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Old 02-20-2014, 08:01 PM   #26
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I would also have more faith in the olm if when you changed the oil it could tell, but it cant, because it doesn't monitor anything about the oil it's self.
Did you read article I posted the link to? I mean its proven technology that has only gotten better since GM started using it in the 1980's.
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Until recently, the question of when to change your oil was usually answered by your local garage, which had a vested interest in servicing your car every 3,000 miles. Your alternative was to crack the owner's manual to see whether your driving habits fell into the "severe" or "normal" category. And then you'd let the listed interval be your frequency guide.

But increasingly, the change-interval question is being answered by a vehicle's oil life monitoring system, which signals the driver through the instrument panel. This alert usually arrives anywhere between 5,000 and 8,000 miles.

So how does the system know when it's time for a change? Electronic sensors throughout the drivetrain send information about engine revolutions, temperature and driving time to the car's computer. The data is run through a mathematical algorithm that predicts when the oil will begin to degrade. The light comes on well in advance, giving the owner time to get the car serviced.

Oil life monitoring systems have been around for several decades. They were introduced in General Motors vehicles in the late 1980s and have been phased in slowly, said Matt Snider, project engineer in GM's Fuels and Lubricants Group. "We are very confident in the accuracy of the system," he said. The average recommendation from the system for GM vehicles is 8,500 miles, Snider said. He said that the longest oil change interval he was personally aware of was 17,000 miles in a colleague's car. For 2010 vehicles, 14 of 35 manufacturers use oil life monitoring systems.

Real-World Evidence
The oil life monitoring system in a 2007 Honda Fit Sport owned by an Edmunds.com editor signaled for an oil change at 5,500 miles, due to a lot of around-town driving. Later, under highway conditions, the system (which Honda calls a "maintenance minder") came on at 7,600 miles. Clearly, the system had detected different driving conditions and adjusted accordingly.

When we had the oil changed, we captured a sample and sent it to Blackstone Laboratories. Showing the conservative nature of the oil life sensors, the analysis showed the oil had at least 2,000 miles of life left in it.

A long-term 2008 Pontiac G8 GT driven by Edmunds went 13,000 miles before the monitoring system indicated the need for an oil change. We also sent a sample of that oil to a lab for analysis. The result: The oil could actually have safely delivered at least another 2,000 miles of service. "With an oil life system, we can use the software to tailor an oil drain interval to the behavior of a certain customer," Snider said.

Freed From the Schedules
Perhaps the best thing about oil life monitoring systems is that they free car owners from the confusing exercise of slotting themselves in the normal or severe driving schedules listed in the owner's manual. Severe conditions are described differently by various carmakers, but some "severe" conditions that they frequently cite are driving in stop-and-go traffic, towing, excessive idling and driving in the mountains.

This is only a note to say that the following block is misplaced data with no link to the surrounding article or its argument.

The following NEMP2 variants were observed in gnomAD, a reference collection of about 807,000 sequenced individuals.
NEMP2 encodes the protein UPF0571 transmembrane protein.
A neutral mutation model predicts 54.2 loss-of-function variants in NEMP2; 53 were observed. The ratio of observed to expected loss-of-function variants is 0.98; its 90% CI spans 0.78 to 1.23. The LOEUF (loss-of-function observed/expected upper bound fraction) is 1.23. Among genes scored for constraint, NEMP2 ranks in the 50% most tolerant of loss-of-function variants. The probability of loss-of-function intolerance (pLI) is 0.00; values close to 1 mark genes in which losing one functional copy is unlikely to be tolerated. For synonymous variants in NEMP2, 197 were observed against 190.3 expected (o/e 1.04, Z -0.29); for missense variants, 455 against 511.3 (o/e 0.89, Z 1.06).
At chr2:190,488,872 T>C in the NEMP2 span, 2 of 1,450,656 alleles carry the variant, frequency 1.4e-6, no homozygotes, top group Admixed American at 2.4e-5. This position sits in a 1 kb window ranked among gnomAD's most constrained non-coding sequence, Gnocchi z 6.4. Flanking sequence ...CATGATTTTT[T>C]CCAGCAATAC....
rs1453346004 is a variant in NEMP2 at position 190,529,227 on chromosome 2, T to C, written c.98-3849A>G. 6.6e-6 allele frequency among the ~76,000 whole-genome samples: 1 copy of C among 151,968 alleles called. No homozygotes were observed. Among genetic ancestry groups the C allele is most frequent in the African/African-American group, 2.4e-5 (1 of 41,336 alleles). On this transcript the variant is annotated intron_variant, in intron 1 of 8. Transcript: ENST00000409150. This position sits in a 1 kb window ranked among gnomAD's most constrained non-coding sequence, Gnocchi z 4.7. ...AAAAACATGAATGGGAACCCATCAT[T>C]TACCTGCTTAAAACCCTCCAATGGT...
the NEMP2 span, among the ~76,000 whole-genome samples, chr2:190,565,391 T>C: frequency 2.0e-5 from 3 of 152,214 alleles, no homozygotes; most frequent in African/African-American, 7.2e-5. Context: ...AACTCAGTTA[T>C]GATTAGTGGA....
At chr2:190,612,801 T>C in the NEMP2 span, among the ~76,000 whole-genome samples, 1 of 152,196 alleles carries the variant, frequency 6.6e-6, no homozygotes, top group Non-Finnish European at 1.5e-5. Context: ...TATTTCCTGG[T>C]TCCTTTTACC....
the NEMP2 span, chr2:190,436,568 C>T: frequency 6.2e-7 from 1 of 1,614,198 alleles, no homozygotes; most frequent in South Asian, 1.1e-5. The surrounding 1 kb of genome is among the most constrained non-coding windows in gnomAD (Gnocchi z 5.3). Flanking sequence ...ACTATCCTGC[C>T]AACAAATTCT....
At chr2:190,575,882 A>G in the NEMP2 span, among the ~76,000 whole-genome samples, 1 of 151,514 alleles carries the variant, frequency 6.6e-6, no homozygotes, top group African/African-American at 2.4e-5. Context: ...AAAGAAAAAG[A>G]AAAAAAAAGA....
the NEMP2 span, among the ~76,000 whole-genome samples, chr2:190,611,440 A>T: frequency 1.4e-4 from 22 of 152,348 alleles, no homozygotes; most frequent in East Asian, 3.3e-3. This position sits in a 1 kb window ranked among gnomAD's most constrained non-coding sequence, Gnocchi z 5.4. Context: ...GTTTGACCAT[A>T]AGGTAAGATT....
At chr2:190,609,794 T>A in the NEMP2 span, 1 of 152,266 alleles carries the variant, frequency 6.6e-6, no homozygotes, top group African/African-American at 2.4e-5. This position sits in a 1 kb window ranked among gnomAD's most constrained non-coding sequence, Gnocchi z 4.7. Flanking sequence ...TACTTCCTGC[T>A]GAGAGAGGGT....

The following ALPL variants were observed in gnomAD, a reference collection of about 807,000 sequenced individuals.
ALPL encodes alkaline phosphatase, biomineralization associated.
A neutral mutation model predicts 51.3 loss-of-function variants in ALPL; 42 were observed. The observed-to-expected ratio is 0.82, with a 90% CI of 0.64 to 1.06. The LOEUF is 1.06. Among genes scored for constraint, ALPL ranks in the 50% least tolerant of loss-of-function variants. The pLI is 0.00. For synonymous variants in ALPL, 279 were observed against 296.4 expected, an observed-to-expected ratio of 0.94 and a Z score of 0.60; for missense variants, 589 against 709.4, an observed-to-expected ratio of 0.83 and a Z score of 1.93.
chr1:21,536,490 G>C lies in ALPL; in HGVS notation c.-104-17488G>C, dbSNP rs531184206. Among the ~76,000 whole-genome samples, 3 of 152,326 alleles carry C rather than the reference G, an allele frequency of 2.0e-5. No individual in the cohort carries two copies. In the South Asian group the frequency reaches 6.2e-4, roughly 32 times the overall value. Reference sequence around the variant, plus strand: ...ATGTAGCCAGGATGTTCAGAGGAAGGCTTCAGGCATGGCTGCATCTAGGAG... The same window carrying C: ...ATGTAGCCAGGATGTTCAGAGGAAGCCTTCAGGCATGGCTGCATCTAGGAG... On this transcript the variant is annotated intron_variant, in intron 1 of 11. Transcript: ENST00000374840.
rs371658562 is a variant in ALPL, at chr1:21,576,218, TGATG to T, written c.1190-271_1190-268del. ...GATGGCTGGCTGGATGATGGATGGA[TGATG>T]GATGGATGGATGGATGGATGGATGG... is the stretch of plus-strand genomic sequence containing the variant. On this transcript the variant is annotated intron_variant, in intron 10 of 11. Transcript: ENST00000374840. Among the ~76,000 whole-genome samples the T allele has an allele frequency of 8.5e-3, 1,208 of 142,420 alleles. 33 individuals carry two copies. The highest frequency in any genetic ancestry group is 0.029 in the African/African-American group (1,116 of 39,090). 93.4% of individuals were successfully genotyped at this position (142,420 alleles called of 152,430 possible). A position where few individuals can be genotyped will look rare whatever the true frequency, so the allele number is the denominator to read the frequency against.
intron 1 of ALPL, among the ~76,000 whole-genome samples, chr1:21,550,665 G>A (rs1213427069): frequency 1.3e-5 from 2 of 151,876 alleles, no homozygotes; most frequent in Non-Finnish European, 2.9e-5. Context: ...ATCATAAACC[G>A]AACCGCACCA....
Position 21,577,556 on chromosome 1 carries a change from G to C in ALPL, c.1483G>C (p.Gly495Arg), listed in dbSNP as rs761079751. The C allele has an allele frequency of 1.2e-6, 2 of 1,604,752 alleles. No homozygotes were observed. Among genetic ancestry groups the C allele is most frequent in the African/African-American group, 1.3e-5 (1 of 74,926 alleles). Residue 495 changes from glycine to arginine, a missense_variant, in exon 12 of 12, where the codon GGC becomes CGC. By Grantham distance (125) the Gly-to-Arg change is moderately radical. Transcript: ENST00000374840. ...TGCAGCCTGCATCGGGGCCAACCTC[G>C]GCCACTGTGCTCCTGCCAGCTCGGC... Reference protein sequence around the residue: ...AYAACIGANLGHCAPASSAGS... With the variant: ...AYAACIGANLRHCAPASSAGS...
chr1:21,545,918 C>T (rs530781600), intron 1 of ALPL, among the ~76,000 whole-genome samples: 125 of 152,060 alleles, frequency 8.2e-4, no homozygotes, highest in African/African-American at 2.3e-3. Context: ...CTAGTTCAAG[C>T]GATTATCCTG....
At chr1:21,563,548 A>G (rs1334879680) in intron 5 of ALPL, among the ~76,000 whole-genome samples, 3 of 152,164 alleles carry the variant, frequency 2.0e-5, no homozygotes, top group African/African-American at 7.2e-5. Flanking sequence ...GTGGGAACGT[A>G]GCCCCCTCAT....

In many cases, quick-oil-change outlets and dealerships' service departments encourage frequent oil changes by claiming that every driver falls in the severe category. This begs the question: Why have a normal category at all? Oil life monitoring systems put an end to the debate by reacting to how you actually drive.

Using an Oil Life Monitoring System
If your car has an oil life monitoring system, read your owner's manual to get a feel for how it's going to communicate with you. In general, the systems are designed to be easily understood and used. Some systems will display the percentage of oil life left so you can schedule a service visit. The systems factor in plenty of extra time for the driver who procrastinates. For additional motivation, however, some systems will display a negative number to show just how overdue the oil change is.

When a technician changes the oil, he resets the monitoring system. Do-it-yourselfers can easily do the reset, too, just by using a series of commands found in the owner's manual
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Old 02-20-2014, 08:27 PM   #27
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What is interesting is that when they changed my oil they put on a sticker for next service due 3k miles from when they changed it, yet they'll probably say it isn't due.
Yeah that is BS & the ONE YEAR is correct - glad you kept calling. However the last chevy dealer I went to put a 7500 sticker on it. Maybe this one and sounds like they are lazy.
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Old 02-20-2014, 08:49 PM   #28
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Yeah its probably the most unprofessional and disorganized shop I have ever seen. I even got a tire rotation out of it so I would say it was a win. They just have way too many inexperienced techs there. I was a dealership tech before I got my A&P so I know how dealerships work, but this dealership is like the wild west.

Angrybird, yes I did read it, however I personally dont want to risk ruining or diminishing the performance of my vehicle over simple preventitive maintenance, especially when its free.